Monthly Archives: May 2014

Creamy Curry Soup

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So. While I like to think I’m an efficient human being who gets her stuff done (and done well), I admit that lately I’ve been slacking. Okay… not slacking but just… not doing anything. Showtime is upon me, which means the end of school (THANK ALL THE DEITIES!), and time feels non-existent. Everyday seems to slip by and I feel like I’ve achieved NOTHING. That being said, at least I JUST completed the second year of my program and SUMMER IS UPON US. So here is a warming soup…

This soup, creamy due to the roasted eggplant, is best served slightly warm, in my opinion. It’s earthy and spicy and crazy refreshing. Not to mention there are SO few ingredients it’s a snap to whip up. I had leftovers over a bowl of amaranth one day, and the next I dipped crackers into it – both were awesome.

CREAMY CURRY SOUP (serves 4)

  • 1 large eggplant, cut into 1/4 inch thick rounds
  • 2 tablespoons grapeseed oil
  • 1 large shallot
  • 1/2 tablespoon curry powder of choice
  • 2 cups water (or milk alternative)
  • Salt and pepper, to taste
  • 1/4 cup Fresh cilantro, to garnish
  • 1/2 cup cremini mushrooms, chopped, to garnish

Method:

Preheat the oven to 400F. Coat the eggplant rounds in the grapeseed oil and sprinkle with salt and pepper. Roast for about 8 minutes, until they are golden and quite mushy. Remove from the oven and let cool for five minutes. Remove the skin with a knife (it should peel off easily if it roasted long enough)

In a blender, blend the roasted eggplant, shallot, curry, water (or milk alternative) and salt and pepper. Divide the blended soup into four bowl, do a final test for salt and pepper levels, garnish with cilantro and mushrooms, and serve!

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Balsamic Marinated Tempeh Steaks

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WOO! IT’S NOT A SALAD. It’s simple tempeh steaks that are marinated overnight and provide a big punch of flavour to the meal. I don’t have much else to say. It’s easy. If you don’t know what tempeh is, it’s soy based. However it’s not as processed as tofu. Here’s some info if you want to know more!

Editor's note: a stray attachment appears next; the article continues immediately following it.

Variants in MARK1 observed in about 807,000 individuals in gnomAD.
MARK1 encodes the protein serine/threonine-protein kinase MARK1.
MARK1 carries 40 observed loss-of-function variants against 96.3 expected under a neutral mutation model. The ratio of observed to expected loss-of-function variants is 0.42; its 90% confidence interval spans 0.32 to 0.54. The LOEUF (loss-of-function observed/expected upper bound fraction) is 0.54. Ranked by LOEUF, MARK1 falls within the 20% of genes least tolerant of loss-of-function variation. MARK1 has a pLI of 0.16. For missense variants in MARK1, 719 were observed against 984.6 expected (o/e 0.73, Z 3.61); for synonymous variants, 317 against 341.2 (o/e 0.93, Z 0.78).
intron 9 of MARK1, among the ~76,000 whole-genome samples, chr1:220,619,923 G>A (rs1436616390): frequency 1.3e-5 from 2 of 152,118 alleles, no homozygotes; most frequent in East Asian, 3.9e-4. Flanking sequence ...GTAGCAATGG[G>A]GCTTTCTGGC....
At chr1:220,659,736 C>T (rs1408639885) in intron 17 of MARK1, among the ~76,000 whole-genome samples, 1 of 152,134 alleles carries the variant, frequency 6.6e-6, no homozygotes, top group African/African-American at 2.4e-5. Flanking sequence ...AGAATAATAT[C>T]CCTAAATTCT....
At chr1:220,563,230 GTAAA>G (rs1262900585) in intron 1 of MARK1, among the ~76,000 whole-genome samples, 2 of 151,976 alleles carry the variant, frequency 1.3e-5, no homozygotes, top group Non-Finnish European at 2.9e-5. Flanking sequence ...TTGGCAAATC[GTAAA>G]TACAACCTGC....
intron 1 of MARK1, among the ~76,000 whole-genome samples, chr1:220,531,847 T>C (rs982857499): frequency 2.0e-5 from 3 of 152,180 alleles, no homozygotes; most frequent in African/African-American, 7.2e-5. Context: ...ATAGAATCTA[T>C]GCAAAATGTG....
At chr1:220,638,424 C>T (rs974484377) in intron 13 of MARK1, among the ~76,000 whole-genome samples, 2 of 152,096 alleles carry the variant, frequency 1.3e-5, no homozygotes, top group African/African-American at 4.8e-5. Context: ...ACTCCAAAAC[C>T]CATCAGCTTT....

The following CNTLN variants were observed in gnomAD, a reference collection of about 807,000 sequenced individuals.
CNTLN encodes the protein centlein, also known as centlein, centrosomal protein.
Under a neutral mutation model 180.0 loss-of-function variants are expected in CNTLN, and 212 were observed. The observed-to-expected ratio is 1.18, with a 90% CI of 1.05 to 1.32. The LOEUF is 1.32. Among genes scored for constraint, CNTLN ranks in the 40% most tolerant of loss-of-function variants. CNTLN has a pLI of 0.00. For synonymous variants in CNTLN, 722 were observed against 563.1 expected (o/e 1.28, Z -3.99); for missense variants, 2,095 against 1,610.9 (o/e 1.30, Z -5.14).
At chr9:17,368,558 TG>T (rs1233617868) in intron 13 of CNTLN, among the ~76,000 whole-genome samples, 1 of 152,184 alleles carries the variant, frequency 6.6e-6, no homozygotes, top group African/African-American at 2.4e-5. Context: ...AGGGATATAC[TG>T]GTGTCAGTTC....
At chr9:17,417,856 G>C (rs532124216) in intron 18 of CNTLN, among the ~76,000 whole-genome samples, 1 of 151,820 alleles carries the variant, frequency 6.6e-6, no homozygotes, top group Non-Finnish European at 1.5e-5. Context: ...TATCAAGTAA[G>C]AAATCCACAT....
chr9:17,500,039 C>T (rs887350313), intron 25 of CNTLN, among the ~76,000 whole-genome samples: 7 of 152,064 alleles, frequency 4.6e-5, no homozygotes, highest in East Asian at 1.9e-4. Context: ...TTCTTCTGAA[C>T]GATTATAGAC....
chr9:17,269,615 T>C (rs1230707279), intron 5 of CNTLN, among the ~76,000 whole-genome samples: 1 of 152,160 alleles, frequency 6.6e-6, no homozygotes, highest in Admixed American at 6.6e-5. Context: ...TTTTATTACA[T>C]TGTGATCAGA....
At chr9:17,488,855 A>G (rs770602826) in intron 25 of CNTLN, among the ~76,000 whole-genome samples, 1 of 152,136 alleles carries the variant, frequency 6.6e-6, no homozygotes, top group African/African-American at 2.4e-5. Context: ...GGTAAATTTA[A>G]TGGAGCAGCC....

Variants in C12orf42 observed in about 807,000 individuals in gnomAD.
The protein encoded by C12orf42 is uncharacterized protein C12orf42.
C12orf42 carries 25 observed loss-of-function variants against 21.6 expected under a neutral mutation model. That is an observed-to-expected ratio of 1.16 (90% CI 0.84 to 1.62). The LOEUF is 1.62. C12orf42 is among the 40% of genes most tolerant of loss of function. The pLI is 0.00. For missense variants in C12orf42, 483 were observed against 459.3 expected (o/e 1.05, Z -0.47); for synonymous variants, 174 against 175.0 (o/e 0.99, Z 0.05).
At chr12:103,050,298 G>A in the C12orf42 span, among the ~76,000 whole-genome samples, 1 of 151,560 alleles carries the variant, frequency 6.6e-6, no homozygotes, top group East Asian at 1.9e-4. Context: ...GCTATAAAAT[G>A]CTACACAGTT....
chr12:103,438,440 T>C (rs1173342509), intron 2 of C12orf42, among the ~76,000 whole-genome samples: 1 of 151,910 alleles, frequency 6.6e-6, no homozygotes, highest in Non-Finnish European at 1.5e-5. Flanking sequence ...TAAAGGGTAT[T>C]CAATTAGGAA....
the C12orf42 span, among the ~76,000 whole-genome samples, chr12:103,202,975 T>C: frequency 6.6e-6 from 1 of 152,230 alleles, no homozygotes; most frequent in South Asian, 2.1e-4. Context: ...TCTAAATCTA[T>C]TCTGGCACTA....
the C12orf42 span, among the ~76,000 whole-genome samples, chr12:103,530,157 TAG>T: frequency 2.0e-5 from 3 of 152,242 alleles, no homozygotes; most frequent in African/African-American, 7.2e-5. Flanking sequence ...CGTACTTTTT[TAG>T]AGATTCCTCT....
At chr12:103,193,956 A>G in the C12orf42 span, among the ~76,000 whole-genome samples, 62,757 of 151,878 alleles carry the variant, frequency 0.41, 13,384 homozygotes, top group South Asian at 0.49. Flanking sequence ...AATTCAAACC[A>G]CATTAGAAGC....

I recommend marinating the tempeh steaks in a large and flat container, but for lack of space, I used a narrow and tall container which worked well. The marinade filled up the majority of the container so the steaks were nicely saturated.

BALSAMIC MARINATED TEMPEH STEAKS (makes 16 small steaks – serves 4)

  • 1 350g package of plain Tempeh
  • 1/4 cup balsamic vinegar
  • 6 tablespoons olive oil
  • 3 tablespoons fresh lemon juice
  • 1 shallot, chopped
  • 1 teaspoon maple syrup
  • 1/4 teaspoon salt
  • 1/4 teaspoon pepper
  • 1/4 teaspoon dried thyme
  • 1/4 teaspoon dried oregano

Method:

Slice the tempeh into 16 equal sized slices.

In a medium sized bowl, whisk together all the remaining ingredients for the marinade. In a large, and flat tupperware containter or a cookie sheet, pour in about 1/3 of the marinade. Place the tempeh steaks in the marinade, trying to make as few layers as possible. Slowly pour over the remaining 2/3 of marinade to soak all the tempeh.

Cover and place in fridge for at least one hour, or better yet, overnight. Remove from fridge before serving – best served at room temperature.

Beet Salad with Simple Miso Dressing

DSC_0668 Please don’t hate me because my last three posts have been salads. I’ve to realize that when I come home after class, extravagance is not a thing. Efficiency and simplicity is what I’m all about these days. Another things I’ve noticed about myself is that my diet is hugely raw. Yes, I eat cooked grains and sometimes make roasted yam fries, but otherwise, my cooking is kept to a minimal (mostly because of the time). This salad is a prime example: shredded raw beets! Of course, you could shred them and roast them for a while (with a bit of oil and salt and pepper)to tenderize them, but here, I love the earthy AND crispy texture they give. Add a simple miso dressing and BAM, I got a salad for the ages. With this I had a fieldroast sausage, and a plain piece of toast (I’m not lying when I say I’m really into simplicity these days – I crave plain slices of toast). I simply ADORE Silver Hill’s Squirrely bread. Silver Hills Bakery makes awesome bread; they are vegan and packed full of goodness (and freakishly delicious).

I really love the white miso paste (which is the mildest) mixed with the balsamic vinegar; it’s a great combo of earthy and acidity. If you don’t know what miso is… I really couldn’t give you a good education on it… Basically there are A TON of different types of miso. It’s fermented. Yeah… Here’s a link to some info on miso!

By now, I’m positive you know the basics of how I make my salads, but here is the recipe regardless.

BEET SALAD WITH SIMPLE MISO DRESSING (serves two big bellies)

  • 2 cups raw beets, shredded (I used three medium sized beets)
  • 2 cups greens, chopped (I used kale)
  • 1/2 cup fresh parsley, chopped
  • 1 cup cremini mushrooms, chopped
  • 1 green onion, thinly sliced
  • 2 tablespoons white miso paste
  • 1 tablespoon balsamic vinegar
  • 1 tablespoon olive oil
  • salt and pepper, to taste
  • nuts or seed of choice for garnish (sesame seeds, hemp seeds, sunflower seeds, pumpkin seeds, etc)

Method:

Shred the beets on a mandoline or box grater and place into a large bowl. Add the greens, parsley, mushrooms, and onion to the bowl and mix.

In a small bowl combine the miso paste, balsamic vinegar, olive oil and salt and pepper and whisk to combine. If it’s really thick, add more olive oil or a bit of water. Pour the dressing over the salad and mix to coat.

Divide into two bowls and enjoy!